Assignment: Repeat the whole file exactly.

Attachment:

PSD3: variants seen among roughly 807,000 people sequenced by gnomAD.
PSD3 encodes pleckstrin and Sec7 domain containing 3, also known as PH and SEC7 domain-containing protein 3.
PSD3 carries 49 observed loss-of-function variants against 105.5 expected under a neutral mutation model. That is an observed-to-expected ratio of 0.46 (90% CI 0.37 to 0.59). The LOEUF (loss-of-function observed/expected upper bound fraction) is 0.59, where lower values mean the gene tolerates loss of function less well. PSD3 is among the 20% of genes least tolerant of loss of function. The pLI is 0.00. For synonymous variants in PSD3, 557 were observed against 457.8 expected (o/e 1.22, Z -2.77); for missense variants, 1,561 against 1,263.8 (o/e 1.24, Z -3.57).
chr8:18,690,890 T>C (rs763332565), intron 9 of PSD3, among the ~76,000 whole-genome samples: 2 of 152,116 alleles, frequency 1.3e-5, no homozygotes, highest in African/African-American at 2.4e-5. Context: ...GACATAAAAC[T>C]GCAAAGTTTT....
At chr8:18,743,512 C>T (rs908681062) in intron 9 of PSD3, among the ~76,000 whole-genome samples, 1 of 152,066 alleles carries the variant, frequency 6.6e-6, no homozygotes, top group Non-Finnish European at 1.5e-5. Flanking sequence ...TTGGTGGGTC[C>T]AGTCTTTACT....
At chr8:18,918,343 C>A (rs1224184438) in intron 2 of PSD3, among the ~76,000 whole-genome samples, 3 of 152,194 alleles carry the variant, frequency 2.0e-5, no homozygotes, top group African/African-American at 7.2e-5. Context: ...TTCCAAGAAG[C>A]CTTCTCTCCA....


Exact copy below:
PSD3: variants seen among roughly 807,000 people sequenced by gnomAD.
PSD3 encodes pleckstrin and Sec7 domain containing 3, also known as PH and SEC7 domain-containing protein 3.
PSD3 carries 49 observed loss-of-function variants against 105.5 expected under a neutral mutation model. That is an observed-to-expected ratio of 0.46 (90% CI 0.37 to 0.59). The LOEUF (loss-of-function observed/expected upper bound fraction) is 0.59, where lower values mean the gene tolerates loss of function less well. PSD3 is among the 20% of genes least tolerant of loss of function. The pLI is 0.00. For synonymous variants in PSD3, 557 were observed against 457.8 expected (o/e 1.22, Z -2.77); for missense variants, 1,561 against 1,263.8 (o/e 1.24, Z -3.57).
chr8:18,690,890 T>C (rs763332565), intron 9 of PSD3, among the ~76,000 whole-genome samples: 2 of 152,116 alleles, frequency 1.3e-5, no homozygotes, highest in African/African-American at 2.4e-5. Context: ...GACATAAAAC[T>C]GCAAAGTTTT....
At chr8:18,743,512 C>T (rs908681062) in intron 9 of PSD3, among the ~76,000 whole-genome samples, 1 of 152,066 alleles carries the variant, frequency 6.6e-6, no homozygotes, top group Non-Finnish European at 1.5e-5. Flanking sequence ...TTGGTGGGTC[C>T]AGTCTTTACT....
At chr8:18,918,343 C>A (rs1224184438) in intron 2 of PSD3, among the ~76,000 whole-genome samples, 3 of 152,194 alleles carry the variant, frequency 2.0e-5, no homozygotes, top group African/African-American at 7.2e-5. Context: ...TTCCAAGAAG[C>A]CTTCTCTCCA....